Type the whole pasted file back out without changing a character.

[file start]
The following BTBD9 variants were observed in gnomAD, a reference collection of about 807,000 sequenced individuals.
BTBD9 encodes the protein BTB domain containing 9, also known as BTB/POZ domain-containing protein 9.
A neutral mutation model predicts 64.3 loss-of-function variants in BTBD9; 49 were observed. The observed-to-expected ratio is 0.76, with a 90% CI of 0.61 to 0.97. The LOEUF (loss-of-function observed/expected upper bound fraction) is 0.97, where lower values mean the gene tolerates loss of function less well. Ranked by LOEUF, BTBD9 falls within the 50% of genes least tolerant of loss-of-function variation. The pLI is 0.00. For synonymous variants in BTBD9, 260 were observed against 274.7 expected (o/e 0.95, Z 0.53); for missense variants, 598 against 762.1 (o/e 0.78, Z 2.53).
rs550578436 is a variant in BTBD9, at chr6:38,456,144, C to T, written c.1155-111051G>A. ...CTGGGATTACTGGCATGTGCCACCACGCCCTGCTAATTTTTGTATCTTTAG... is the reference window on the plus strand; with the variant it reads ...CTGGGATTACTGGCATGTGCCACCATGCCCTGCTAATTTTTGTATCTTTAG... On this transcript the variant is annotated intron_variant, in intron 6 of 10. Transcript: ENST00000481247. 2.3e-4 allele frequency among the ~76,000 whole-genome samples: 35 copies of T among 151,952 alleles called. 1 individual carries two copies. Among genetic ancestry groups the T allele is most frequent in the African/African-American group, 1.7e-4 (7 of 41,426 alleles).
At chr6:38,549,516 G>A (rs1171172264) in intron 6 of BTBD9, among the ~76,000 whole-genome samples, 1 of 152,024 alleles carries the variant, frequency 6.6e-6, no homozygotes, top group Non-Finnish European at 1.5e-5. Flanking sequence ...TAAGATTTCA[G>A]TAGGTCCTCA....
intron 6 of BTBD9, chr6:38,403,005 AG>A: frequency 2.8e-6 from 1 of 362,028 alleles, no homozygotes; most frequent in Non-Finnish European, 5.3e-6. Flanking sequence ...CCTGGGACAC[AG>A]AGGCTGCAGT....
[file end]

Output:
The following BTBD9 variants were observed in gnomAD, a reference collection of about 807,000 sequenced individuals.
BTBD9 encodes the protein BTB domain containing 9, also known as BTB/POZ domain-containing protein 9.
A neutral mutation model predicts 64.3 loss-of-function variants in BTBD9; 49 were observed. The observed-to-expected ratio is 0.76, with a 90% CI of 0.61 to 0.97. The LOEUF (loss-of-function observed/expected upper bound fraction) is 0.97, where lower values mean the gene tolerates loss of function less well. Ranked by LOEUF, BTBD9 falls within the 50% of genes least tolerant of loss-of-function variation. The pLI is 0.00. For synonymous variants in BTBD9, 260 were observed against 274.7 expected (o/e 0.95, Z 0.53); for missense variants, 598 against 762.1 (o/e 0.78, Z 2.53).
rs550578436 is a variant in BTBD9, at chr6:38,456,144, C to T, written c.1155-111051G>A. ...CTGGGATTACTGGCATGTGCCACCACGCCCTGCTAATTTTTGTATCTTTAG... is the reference window on the plus strand; with the variant it reads ...CTGGGATTACTGGCATGTGCCACCATGCCCTGCTAATTTTTGTATCTTTAG... On this transcript the variant is annotated intron_variant, in intron 6 of 10. Transcript: ENST00000481247. 2.3e-4 allele frequency among the ~76,000 whole-genome samples: 35 copies of T among 151,952 alleles called. 1 individual carries two copies. Among genetic ancestry groups the T allele is most frequent in the African/African-American group, 1.7e-4 (7 of 41,426 alleles).
At chr6:38,549,516 G>A (rs1171172264) in intron 6 of BTBD9, among the ~76,000 whole-genome samples, 1 of 152,024 alleles carries the variant, frequency 6.6e-6, no homozygotes, top group Non-Finnish European at 1.5e-5. Flanking sequence ...TAAGATTTCA[G>A]TAGGTCCTCA....
intron 6 of BTBD9, chr6:38,403,005 AG>A: frequency 2.8e-6 from 1 of 362,028 alleles, no homozygotes; most frequent in Non-Finnish European, 5.3e-6. Flanking sequence ...CCTGGGACAC[AG>A]AGGCTGCAGT....